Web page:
COLUMBIA, S.C. (AP) — The family of entertainer James Brown has reached a settlement ending a 15-year battle over the late singer’s estate, an attorney involved in the mediation said Friday.
David Black, an attorney representing Brown's estate, confirmed to The Associated Press that the agreement was reached July 9. Details of the settlement were not disclosed.
Legal wrangling over the Godfather of Soul's estate has been ongoing since his death at the age of 73 on Christmas Day 2006.
The performer’s death touched off years of bizarre headlines, beginning with Tomi Rae Hynie — a former partner who claimed to be Brown's wife — being locked out of his 60-acre (24-hectare) estate while photographers captured her sobbing and shaking its iron gates, begging to be let in.
Brown was renowned for hundreds of iconic musical works including hits like “I Feel Good” and “A Man’s World,” and was known around the world for his flashy performances and dynamic stage presence. But years of drug problems and financial mismanagement caused his estate to dwindle.
More than a dozen lawsuits were filed over the years by people trying to lay claim to the singer's assets, which courts have estimated to be worth anything from $5 million to more than $100 million.
The fight over Brown’s estate even spilled over into what to do with his body. Family members fought over the remains for more than two months, leaving Brown’s body, still inside a gold casket, sitting in cold storage in a funeral home.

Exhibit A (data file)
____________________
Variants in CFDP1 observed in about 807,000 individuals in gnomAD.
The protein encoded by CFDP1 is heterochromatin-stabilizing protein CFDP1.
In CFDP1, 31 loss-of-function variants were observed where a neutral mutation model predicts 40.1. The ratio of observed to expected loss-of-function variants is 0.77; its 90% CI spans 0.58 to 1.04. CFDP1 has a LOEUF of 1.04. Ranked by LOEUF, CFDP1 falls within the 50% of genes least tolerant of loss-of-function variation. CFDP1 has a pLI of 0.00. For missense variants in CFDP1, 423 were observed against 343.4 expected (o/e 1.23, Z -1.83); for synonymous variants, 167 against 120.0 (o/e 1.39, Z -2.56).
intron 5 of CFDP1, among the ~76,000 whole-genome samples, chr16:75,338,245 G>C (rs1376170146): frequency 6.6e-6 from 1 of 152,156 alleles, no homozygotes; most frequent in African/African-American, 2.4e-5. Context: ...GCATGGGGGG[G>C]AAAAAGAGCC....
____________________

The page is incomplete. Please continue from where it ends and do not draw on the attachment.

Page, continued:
Brown was eventually buried in Beech Island, South Carolina, at the home of one of his daughters. The family wanted to turn the home into a shrine for Brown similar to Elvis Presley’s Graceland, but that idea never got off the ground.
Last year, the South Carolina Supreme Court ruled that Hynie had not been legally married to Brown and therefore did not have a right to his multimillion-dollar estate.
Justices also ordered a circuit court to “promptly proceed with the probate of Brown’s estate in accordance with his estate plan," which outlined creation of a trust that would use his music royalties to fund educational expenses for children in South Carolina and Georgia.
A 2009 settlement plan would have given nearly half of Brown's estate to a charitable trust, a quarter to Hynie, and the rest to be split among his adult children.
The state Supreme Court overturned that deal in 2013, writing that then-Attorney General Henry McMaster — now the state's governor — hadn’t followed Brown’s expressed wishes for most of his money to go to charity, having instead selected a professional manager who took control of Brown’s assets from the estate’s trustees to settle debts.